Why Do Homeless Families Exit and Return the Homeless Shelter? Factors Affecting the Risk of Family Homelessness in Salt Lake County (Utah, United States) as a Case Study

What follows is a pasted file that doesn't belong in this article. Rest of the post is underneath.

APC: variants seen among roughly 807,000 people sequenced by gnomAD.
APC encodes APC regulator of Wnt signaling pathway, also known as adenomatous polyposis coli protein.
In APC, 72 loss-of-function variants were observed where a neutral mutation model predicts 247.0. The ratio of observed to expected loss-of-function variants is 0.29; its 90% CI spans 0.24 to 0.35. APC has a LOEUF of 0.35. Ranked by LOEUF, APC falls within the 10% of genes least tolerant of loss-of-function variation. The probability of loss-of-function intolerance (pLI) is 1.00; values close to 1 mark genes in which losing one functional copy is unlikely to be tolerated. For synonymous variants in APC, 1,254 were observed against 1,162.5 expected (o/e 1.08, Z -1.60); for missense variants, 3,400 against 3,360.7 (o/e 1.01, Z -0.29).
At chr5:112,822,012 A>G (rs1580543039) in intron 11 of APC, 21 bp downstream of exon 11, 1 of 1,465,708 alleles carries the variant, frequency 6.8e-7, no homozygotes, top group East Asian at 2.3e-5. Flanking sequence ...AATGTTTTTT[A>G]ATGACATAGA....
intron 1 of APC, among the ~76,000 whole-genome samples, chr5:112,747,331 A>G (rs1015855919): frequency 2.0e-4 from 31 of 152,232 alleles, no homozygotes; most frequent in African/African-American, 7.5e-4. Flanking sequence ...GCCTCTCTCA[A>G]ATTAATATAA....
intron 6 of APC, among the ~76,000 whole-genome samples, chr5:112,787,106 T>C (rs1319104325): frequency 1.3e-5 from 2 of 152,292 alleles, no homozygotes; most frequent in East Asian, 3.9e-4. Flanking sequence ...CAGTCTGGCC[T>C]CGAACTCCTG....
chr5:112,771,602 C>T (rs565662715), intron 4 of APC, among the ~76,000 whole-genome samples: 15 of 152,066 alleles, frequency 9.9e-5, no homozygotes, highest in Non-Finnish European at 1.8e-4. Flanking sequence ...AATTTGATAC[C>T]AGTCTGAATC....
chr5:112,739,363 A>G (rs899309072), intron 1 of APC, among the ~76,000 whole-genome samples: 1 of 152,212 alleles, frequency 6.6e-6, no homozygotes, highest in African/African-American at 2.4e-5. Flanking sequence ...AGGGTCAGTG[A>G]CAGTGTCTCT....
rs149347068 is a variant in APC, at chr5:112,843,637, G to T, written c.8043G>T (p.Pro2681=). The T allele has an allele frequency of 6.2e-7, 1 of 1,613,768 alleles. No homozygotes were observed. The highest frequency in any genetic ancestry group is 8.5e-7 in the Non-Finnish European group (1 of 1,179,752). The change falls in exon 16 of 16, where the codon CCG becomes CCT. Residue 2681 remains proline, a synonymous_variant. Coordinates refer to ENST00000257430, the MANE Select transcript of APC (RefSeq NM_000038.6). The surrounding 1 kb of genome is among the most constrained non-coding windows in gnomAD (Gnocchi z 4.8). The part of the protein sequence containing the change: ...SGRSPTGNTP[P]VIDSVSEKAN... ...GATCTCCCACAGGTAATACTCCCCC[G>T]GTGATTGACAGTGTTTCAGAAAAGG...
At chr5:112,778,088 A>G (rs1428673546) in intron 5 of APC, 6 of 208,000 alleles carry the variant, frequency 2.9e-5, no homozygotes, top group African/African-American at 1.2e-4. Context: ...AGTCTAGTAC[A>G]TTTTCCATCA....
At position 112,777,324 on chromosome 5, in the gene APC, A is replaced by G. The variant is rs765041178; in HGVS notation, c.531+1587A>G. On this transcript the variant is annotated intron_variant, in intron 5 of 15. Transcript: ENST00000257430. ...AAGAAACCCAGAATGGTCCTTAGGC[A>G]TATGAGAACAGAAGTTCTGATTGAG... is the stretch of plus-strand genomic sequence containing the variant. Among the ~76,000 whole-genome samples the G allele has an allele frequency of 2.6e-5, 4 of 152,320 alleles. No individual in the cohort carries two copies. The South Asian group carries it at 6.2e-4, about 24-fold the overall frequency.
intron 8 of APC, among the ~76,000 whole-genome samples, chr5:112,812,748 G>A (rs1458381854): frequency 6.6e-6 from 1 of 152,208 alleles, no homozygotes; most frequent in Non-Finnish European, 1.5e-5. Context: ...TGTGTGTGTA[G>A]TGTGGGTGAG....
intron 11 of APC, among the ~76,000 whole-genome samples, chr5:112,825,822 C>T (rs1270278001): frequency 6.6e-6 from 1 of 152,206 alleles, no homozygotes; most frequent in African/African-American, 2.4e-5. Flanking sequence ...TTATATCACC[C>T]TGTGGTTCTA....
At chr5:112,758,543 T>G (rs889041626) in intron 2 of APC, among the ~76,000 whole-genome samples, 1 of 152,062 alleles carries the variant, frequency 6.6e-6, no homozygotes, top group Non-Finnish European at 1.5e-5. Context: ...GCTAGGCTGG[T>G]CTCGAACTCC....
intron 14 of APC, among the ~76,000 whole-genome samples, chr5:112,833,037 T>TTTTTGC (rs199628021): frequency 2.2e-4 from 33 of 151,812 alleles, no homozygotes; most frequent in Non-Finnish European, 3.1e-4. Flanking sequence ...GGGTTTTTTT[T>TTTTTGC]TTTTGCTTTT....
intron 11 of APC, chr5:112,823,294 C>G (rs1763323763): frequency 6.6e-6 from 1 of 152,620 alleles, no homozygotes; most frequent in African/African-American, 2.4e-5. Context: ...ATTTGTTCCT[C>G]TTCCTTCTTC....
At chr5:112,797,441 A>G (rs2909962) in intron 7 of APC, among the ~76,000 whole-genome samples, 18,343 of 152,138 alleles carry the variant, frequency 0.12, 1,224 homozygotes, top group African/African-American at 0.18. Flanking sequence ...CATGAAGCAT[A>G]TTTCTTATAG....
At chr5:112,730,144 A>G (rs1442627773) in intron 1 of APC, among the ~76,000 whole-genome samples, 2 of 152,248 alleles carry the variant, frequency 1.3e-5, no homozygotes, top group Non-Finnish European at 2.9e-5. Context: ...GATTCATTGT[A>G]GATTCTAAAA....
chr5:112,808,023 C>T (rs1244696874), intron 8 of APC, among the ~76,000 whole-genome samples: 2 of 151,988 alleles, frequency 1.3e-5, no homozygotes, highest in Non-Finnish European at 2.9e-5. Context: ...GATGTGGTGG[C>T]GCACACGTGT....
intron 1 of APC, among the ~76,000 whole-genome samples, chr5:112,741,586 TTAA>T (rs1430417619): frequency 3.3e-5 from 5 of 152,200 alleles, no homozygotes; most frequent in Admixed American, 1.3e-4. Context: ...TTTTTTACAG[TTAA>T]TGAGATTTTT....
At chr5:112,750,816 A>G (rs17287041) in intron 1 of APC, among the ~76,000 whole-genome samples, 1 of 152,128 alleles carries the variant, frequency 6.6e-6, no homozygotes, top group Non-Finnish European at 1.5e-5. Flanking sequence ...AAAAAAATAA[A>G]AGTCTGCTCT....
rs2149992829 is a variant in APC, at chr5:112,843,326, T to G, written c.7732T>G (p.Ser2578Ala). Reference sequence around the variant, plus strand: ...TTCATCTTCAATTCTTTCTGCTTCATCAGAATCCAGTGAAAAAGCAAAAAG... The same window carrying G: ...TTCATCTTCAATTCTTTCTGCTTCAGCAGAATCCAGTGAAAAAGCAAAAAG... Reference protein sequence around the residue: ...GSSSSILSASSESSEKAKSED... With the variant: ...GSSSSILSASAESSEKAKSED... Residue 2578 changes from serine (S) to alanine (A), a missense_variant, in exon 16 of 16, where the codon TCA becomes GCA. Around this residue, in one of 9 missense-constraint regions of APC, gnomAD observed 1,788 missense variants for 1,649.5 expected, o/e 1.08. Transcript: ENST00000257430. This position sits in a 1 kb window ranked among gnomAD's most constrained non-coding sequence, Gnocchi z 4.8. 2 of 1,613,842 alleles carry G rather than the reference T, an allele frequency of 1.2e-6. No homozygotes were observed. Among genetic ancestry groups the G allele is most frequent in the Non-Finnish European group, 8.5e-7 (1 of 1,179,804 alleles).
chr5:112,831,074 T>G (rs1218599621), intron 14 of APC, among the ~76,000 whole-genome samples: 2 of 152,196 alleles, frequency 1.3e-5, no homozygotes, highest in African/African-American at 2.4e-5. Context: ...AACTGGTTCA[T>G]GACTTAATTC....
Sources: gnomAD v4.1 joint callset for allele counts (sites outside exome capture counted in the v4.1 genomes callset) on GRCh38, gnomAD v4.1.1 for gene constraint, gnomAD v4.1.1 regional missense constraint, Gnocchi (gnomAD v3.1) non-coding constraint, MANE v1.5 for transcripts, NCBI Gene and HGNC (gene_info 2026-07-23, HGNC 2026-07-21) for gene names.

Previous quantitative research on family homelessness has addressed a question of why some households become homeless. However, why some homeless families return the shelter to repeat their homelessness has not been explored well. This study aims at providing a comprehensive insight into the dynamics of homeless families by identifying the physical, social, and economic characteristics of a homeless family affecting the likelihood of their decision to stay, exit, and return the shelter. The relationships of factors with shelter exit and return were examined using Kaplan-Meier estimates of survival times and Cox Proportional Hazard regression analysis. This study employs a sample of 2348 historical records for 1462 homeless families registered to the Homeless Management Information System (HMIS) database between January 1, 2015 and December 31, 2017. The results indicate that structural factors such as subsidized housing program enrollment during a homeless episode and prior income play a significant role in reducing the risks of shelter exit and return rather than physical characteristics of a homeless family. Additionally, results show that variations in prior residence and exit destination of homeless families serve as factors determining the length of their shelter stay and the likelihood to return to the shelter. Integration of both shelter exit and return analysis results make policymakers and urban planners think about developing policies for coordination of housing and economic stability to address family homelessness.
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